is natural, as far as we know, so we tempt a hit
to temper it — sheer force of half-flash. No soap
will wash the bull’s-eyes off our asses, so why not
don the darts, pre-marked as prizeless. Fair games
are always rigged — even girls know that.

Rochelle Hurt is the author of In Which I Play the Runaway (Barrow Street, 2016), winner of the Barrow Street Book Prize, and The Rusted City (White Pine, 2014). She is a PhD student at the University of Cincinnati


Tuesday, January 10, 2017

A Brief Guide to Tintinology

Tintin was introduced 88 years ago today, in a 1929 issue of Le Petit Vingtième with the following missive from the paper, before the very first panels that would begin the story soon to be known as Tintin in the Land of the Soviets:

Read more: Literary Hub

12 Contemporary Writers on How They Revise

“Writing is rewriting,” says everyone all the time. But what they don’t say, necessarily, is how. Various writers describe their revision processes. J.K. Rowling responded graphically:

More and transcript here

More: Literary Hub

Monday, January 09, 2017

In Her Wake

This psychological thriller by Amanda Jennings begins with Bella returning to her family home when her mother dies. She is understandably distraught but more tragic events ensue and her life as she knows it is turned upside down. She learns that everything she thought she knew about herself and her family is fiction and suddenly her mother's neurotic over-protectiveness makes sense. The devastating revelation takes Bella to Cornwall where she attempts to uncover the truth about her stolen childhood. It's a painful process, one that makes her question the meaning of family and the dependent, strait-jacketed life she had been leading. Will the truth set her free or will it destroy her? The female characters have great depth and believability (the males are more one-dimensional) and there are plenty of interesting plot twists. It's an emotional story about devastating loss and the power of secrets that stayed with me for days after I finished it.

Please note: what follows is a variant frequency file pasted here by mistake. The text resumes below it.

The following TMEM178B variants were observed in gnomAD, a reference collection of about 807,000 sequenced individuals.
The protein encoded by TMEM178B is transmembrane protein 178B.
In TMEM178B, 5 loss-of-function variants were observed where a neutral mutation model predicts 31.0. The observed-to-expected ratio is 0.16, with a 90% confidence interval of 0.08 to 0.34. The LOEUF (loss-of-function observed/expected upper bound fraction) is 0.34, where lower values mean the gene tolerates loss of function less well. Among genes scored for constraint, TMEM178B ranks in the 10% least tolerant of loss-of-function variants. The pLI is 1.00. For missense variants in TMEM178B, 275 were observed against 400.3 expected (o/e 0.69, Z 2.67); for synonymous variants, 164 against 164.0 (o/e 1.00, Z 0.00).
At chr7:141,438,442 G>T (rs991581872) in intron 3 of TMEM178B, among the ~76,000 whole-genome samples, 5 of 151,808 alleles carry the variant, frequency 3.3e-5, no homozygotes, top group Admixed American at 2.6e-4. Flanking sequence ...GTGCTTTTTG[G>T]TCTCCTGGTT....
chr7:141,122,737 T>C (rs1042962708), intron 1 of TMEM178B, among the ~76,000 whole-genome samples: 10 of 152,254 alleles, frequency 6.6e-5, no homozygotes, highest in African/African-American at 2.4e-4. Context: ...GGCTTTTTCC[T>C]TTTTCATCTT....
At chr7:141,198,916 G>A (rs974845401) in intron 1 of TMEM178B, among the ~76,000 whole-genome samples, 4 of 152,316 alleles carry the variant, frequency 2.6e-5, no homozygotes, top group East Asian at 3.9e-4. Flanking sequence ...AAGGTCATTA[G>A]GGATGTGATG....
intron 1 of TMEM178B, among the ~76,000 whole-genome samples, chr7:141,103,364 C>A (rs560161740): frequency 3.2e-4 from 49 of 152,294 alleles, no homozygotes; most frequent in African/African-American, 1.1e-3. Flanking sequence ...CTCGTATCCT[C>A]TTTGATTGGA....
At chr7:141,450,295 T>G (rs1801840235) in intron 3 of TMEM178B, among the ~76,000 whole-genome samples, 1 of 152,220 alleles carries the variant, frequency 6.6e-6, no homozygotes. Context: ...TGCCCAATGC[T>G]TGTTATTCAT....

Friday, January 06, 2017

Top 10 unreliable narrators

The Guardian: From Edgar Allan Poe to Gillian Flynn, storytellers who cannot be trusted are great devices for writers, and a compelling challenge for readers